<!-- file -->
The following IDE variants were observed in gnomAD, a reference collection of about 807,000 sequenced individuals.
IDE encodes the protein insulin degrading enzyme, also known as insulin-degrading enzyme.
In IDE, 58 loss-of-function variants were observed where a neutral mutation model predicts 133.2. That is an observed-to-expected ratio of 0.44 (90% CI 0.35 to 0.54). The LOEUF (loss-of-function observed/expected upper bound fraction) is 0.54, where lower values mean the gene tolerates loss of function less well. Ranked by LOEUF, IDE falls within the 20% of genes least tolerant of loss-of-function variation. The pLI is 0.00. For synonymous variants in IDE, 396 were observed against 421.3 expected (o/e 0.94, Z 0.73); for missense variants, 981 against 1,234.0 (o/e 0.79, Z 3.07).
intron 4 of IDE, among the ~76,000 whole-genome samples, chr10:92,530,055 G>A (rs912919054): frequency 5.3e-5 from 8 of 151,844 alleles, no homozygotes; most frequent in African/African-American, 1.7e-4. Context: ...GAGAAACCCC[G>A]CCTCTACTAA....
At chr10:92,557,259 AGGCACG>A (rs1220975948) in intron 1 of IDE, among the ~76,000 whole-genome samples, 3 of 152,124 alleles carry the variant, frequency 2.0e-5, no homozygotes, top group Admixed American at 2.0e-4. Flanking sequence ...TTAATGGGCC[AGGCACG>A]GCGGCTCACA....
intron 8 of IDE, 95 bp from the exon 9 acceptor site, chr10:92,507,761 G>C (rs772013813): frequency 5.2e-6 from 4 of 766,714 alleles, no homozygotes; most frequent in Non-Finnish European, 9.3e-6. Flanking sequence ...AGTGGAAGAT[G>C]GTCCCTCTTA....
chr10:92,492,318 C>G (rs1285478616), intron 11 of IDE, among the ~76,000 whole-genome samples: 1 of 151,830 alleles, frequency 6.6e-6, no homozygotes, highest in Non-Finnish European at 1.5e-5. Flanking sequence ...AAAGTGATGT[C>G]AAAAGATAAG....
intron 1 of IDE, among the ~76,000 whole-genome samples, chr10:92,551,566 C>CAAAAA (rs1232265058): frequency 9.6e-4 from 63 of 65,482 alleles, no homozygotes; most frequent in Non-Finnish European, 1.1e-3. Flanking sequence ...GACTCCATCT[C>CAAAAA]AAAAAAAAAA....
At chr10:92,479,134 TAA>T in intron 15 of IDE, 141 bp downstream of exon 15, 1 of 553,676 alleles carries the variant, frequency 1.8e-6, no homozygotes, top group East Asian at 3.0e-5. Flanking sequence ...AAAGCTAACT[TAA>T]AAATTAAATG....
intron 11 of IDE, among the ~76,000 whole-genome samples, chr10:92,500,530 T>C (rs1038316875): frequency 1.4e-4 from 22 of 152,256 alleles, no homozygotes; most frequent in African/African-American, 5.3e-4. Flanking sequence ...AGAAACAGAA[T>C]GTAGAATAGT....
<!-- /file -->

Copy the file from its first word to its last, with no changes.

The following IDE variants were observed in gnomAD, a reference collection of about 807,000 sequenced individuals.
IDE encodes the protein insulin degrading enzyme, also known as insulin-degrading enzyme.
In IDE, 58 loss-of-function variants were observed where a neutral mutation model predicts 133.2. That is an observed-to-expected ratio of 0.44 (90% CI 0.35 to 0.54). The LOEUF (loss-of-function observed/expected upper bound fraction) is 0.54, where lower values mean the gene tolerates loss of function less well. Ranked by LOEUF, IDE falls within the 20% of genes least tolerant of loss-of-function variation. The pLI is 0.00. For synonymous variants in IDE, 396 were observed against 421.3 expected (o/e 0.94, Z 0.73); for missense variants, 981 against 1,234.0 (o/e 0.79, Z 3.07).
intron 4 of IDE, among the ~76,000 whole-genome samples, chr10:92,530,055 G>A (rs912919054): frequency 5.3e-5 from 8 of 151,844 alleles, no homozygotes; most frequent in African/African-American, 1.7e-4. Context: ...GAGAAACCCC[G>A]CCTCTACTAA....
At chr10:92,557,259 AGGCACG>A (rs1220975948) in intron 1 of IDE, among the ~76,000 whole-genome samples, 3 of 152,124 alleles carry the variant, frequency 2.0e-5, no homozygotes, top group Admixed American at 2.0e-4. Flanking sequence ...TTAATGGGCC[AGGCACG>A]GCGGCTCACA....
intron 8 of IDE, 95 bp from the exon 9 acceptor site, chr10:92,507,761 G>C (rs772013813): frequency 5.2e-6 from 4 of 766,714 alleles, no homozygotes; most frequent in Non-Finnish European, 9.3e-6. Flanking sequence ...AGTGGAAGAT[G>C]GTCCCTCTTA....
chr10:92,492,318 C>G (rs1285478616), intron 11 of IDE, among the ~76,000 whole-genome samples: 1 of 151,830 alleles, frequency 6.6e-6, no homozygotes, highest in Non-Finnish European at 1.5e-5. Flanking sequence ...AAAGTGATGT[C>G]AAAAGATAAG....
intron 1 of IDE, among the ~76,000 whole-genome samples, chr10:92,551,566 C>CAAAAA (rs1232265058): frequency 9.6e-4 from 63 of 65,482 alleles, no homozygotes; most frequent in Non-Finnish European, 1.1e-3. Flanking sequence ...GACTCCATCT[C>CAAAAA]AAAAAAAAAA....
At chr10:92,479,134 TAA>T in intron 15 of IDE, 141 bp downstream of exon 15, 1 of 553,676 alleles carries the variant, frequency 1.8e-6, no homozygotes, top group East Asian at 3.0e-5. Flanking sequence ...AAAGCTAACT[TAA>T]AAATTAAATG....
intron 11 of IDE, among the ~76,000 whole-genome samples, chr10:92,500,530 T>C (rs1038316875): frequency 1.4e-4 from 22 of 152,256 alleles, no homozygotes; most frequent in African/African-American, 5.3e-4. Flanking sequence ...AGAAACAGAA[T>C]GTAGAATAGT....